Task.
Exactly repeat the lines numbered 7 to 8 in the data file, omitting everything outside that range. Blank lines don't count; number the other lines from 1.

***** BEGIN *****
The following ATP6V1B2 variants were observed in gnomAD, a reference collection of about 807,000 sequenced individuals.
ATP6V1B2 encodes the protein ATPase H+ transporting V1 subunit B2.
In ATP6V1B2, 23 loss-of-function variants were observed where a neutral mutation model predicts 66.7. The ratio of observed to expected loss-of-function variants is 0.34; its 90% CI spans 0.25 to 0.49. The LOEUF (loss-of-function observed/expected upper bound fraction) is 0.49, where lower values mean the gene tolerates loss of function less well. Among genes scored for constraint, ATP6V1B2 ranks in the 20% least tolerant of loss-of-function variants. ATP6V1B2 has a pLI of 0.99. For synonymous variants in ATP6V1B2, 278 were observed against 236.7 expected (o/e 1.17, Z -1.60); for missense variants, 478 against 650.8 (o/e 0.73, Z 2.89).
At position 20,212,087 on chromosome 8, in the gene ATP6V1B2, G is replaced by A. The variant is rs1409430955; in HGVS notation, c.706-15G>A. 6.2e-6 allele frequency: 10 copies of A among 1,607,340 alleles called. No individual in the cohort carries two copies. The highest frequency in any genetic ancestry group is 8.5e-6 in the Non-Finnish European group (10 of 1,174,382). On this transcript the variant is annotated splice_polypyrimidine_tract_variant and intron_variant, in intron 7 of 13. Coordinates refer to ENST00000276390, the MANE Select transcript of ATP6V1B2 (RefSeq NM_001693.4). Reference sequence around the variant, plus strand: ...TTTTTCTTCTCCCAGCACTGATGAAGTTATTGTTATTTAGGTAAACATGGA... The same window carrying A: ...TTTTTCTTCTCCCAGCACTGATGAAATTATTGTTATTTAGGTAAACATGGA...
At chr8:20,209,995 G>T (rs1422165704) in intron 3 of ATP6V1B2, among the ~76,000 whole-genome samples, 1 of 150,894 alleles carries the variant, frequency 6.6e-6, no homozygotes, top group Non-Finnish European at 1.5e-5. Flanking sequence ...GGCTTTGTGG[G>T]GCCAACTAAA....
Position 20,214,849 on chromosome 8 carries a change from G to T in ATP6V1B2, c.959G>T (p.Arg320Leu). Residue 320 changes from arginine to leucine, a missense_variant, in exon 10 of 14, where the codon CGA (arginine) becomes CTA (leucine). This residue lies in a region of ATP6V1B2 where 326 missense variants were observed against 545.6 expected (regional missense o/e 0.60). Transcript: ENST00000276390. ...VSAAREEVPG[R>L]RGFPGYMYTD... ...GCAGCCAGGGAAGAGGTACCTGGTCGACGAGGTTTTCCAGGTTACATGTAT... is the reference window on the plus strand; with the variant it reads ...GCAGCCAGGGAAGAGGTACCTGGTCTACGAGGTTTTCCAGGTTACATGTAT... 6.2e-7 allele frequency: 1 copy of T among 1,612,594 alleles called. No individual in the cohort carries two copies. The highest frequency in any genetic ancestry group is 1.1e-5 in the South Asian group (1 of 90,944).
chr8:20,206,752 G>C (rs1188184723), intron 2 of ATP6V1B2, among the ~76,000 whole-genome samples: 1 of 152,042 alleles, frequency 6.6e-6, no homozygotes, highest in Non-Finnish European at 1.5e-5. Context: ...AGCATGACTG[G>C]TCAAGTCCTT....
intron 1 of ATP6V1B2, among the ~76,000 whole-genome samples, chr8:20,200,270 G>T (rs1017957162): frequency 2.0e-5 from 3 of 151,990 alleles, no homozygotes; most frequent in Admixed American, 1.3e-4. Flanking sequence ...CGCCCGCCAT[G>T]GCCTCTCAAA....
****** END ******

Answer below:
chr8:20,206,752 G>C (rs1188184723), intron 2 of ATP6V1B2, among the ~76,000 whole-genome samples: 1 of 152,042 alleles, frequency 6.6e-6, no homozygotes, highest in Non-Finnish European at 1.5e-5. Context: ...AGCATGACTG[G>C]TCAAGTCCTT....
intron 1 of ATP6V1B2, among the ~76,000 whole-genome samples, chr8:20,200,270 G>T (rs1017957162): frequency 2.0e-5 from 3 of 151,990 alleles, no homozygotes; most frequent in Admixed American, 1.3e-4. Flanking sequence ...CGCCCGCCAT[G>T]GCCTCTCAAA....